I'm a summer kind of girl but I love much about spring and fall as well. I always hope for a bit of Indian Summer to hold me over so I'm a bit sad that we've jumped head first into winter-like weather. First, it rained a lot (way too much for fall) and the fall leaves are suffering (and the farmers). It's been very windy this weekend. Our rivers and lakes have flooded across bike paths and over roads which pushes people from their homes.

The only silver lining is staying inside and reading.  I finished The Maze Runner, which has been on my to-read list for years.  I really enjoyed it and am very curious about the next one in the series. James Dashner created a unique and weird dystopian world and I'm invested to know more about the maze and how it all came into being.  I want to watch the movie and I brought the second book home from school.  It's waiting, taunting me, but I have other books to read first.

One of my best readers at school showed me the book Hideout by Watt Key and told me he wanted me to read it when he finished. Last week he gave it to me and I promised to read it within the month. I actually skipped reading my book club book, Pachinko, to read Hideout. In my life, one thing leads to another all the time and now I want to read all of Watt Key's books. This one tells the story of Sam and how he finds a young boy, Davey while motoring his small boat around the bayou. Davey is living in a rundown shack and waiting for his dad and brother to join him. Sam agrees to help him fix up the shack and bring him supplies because it all seems like a great adventure until things become real. Sam discovers more than he needs to know about Davey's family and who they really are and once in it is difficult to get back out. I'll be happy to hand this book back to my student and help him find more of Key's books.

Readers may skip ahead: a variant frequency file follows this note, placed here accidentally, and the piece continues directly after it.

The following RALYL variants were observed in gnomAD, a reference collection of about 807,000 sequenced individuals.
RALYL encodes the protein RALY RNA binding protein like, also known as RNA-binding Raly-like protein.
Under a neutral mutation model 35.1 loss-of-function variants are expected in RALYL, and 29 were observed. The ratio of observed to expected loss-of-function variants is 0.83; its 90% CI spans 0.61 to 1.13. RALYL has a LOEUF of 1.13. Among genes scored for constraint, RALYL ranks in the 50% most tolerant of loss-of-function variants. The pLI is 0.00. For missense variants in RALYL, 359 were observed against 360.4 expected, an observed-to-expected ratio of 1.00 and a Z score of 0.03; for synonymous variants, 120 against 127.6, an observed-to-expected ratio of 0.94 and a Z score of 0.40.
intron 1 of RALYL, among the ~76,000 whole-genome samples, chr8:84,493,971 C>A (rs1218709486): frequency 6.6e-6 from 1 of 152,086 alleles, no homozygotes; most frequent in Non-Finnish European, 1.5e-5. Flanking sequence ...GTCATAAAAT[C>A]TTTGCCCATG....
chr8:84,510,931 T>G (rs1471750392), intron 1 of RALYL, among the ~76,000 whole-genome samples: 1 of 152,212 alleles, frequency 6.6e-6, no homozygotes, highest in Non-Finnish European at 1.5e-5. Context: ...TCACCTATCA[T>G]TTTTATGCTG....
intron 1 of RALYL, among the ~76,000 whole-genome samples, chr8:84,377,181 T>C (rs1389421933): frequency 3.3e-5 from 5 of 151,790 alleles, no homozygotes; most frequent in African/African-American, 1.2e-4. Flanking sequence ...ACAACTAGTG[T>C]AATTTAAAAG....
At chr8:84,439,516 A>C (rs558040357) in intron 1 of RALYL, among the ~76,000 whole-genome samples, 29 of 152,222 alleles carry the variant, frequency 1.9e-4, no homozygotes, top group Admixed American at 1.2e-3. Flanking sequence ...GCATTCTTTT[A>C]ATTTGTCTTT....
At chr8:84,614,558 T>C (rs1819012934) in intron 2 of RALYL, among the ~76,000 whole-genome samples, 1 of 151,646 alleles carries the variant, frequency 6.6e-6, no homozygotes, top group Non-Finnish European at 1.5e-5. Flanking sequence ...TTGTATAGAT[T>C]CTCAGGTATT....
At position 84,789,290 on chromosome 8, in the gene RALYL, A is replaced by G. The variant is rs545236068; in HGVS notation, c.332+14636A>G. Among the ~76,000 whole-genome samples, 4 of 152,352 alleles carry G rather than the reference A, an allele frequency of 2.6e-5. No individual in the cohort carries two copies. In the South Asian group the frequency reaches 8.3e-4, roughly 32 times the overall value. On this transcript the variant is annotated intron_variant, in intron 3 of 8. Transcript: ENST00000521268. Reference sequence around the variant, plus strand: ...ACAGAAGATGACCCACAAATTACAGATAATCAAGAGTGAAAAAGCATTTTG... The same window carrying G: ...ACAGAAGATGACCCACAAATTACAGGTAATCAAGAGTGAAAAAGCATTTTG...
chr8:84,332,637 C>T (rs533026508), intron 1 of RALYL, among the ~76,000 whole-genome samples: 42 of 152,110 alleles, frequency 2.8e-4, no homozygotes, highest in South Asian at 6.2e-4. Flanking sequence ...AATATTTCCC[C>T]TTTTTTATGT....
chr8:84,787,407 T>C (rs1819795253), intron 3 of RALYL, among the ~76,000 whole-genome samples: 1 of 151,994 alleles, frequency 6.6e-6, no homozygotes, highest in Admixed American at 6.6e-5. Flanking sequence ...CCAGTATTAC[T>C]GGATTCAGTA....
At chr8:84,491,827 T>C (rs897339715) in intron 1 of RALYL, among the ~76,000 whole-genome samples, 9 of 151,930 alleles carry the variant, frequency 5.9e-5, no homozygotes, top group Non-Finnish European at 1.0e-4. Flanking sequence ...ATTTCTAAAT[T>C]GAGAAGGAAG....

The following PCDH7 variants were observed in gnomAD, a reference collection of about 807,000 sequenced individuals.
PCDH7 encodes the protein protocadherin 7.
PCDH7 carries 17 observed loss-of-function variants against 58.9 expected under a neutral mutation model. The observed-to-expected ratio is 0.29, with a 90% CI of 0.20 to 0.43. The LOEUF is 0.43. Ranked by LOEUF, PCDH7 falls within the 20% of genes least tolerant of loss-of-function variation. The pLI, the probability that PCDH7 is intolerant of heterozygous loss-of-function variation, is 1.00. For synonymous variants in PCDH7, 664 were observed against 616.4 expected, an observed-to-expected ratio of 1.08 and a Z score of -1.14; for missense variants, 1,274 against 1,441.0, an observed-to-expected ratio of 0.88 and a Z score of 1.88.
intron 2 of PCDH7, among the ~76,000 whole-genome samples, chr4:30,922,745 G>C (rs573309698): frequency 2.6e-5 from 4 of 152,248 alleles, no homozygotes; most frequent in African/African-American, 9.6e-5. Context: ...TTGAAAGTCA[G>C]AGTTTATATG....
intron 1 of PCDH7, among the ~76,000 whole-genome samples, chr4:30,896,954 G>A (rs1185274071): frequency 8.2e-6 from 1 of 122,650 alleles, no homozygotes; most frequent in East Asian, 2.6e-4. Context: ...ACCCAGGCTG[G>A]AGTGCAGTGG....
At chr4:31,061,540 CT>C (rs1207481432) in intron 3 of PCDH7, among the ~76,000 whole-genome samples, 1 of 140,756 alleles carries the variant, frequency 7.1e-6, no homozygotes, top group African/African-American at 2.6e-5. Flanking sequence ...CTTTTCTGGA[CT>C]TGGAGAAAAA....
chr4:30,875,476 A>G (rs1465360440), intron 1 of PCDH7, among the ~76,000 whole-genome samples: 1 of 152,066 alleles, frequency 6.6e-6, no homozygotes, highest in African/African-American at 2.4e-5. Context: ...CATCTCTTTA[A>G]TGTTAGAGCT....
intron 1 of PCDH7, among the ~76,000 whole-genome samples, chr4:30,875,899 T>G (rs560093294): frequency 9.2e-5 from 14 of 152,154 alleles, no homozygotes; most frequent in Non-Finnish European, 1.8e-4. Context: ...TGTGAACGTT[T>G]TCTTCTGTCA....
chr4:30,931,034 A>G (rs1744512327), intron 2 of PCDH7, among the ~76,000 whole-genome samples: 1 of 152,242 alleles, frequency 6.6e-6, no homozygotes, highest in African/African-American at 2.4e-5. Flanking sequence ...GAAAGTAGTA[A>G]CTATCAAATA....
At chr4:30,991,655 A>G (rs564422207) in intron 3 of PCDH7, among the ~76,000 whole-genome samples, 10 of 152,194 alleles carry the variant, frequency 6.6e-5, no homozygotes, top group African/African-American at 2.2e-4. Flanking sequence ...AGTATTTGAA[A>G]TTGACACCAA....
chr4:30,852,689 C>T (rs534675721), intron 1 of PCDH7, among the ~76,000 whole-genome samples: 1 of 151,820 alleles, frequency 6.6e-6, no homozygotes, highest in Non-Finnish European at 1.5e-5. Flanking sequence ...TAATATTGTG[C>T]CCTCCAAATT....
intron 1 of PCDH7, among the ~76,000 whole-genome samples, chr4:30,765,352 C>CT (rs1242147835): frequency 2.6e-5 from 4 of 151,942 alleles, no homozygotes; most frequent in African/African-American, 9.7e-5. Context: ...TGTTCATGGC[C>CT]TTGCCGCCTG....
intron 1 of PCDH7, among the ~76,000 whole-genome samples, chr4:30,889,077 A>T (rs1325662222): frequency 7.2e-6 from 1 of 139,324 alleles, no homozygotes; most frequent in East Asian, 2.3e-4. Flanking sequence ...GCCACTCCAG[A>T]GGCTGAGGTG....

I started reading Jewell Parker Rhodes new book Ghost Boy, which tells the story of young Jerome as he navigates the world after being shot by a police officer in Chicago. It's a sad beautifully-told tale and I want students at my school to read it even though it is about a difficult topic. While it is sad the real message is; it's up to us to make real change. In my recent Social Justice class we discussed the importance of elementary students being aware of the real world around them. This book not only deals with death and grief but poverty, bullying, and the historical context of young black men as targets starting with Emmett Till.  I've read all of Rhodes' other titles starting with Ninth Ward (Hurricane Katrina) and Towers Falling (911).  She does an amazing job of bringing these tough topics to elementary students through her well-written books.

I just started Harbor Me by Jacqueline Woodson, which I received as a gift when I went to hear Woodson speak at the Englert Theatre. She was amazing to listen to and I would love to have lunch with her. I'm only two chapters in so I'll give you the back blurb for this one:

Six kids. One school year. A room to talk...
Once there were six of us.
We circled around each other, and listened.
Or maybe what matters most is that we were heard. 

I hope you are giving yourself plenty of time to read this fall.  I have to head outside to breathe the crisp air and get my bones moving often as well. Our new dog Ruby loves to romp in the leaves and run freely in the green space across the street. It is a joy to watch her play outside which helps to balance how I feel about her chewing habits.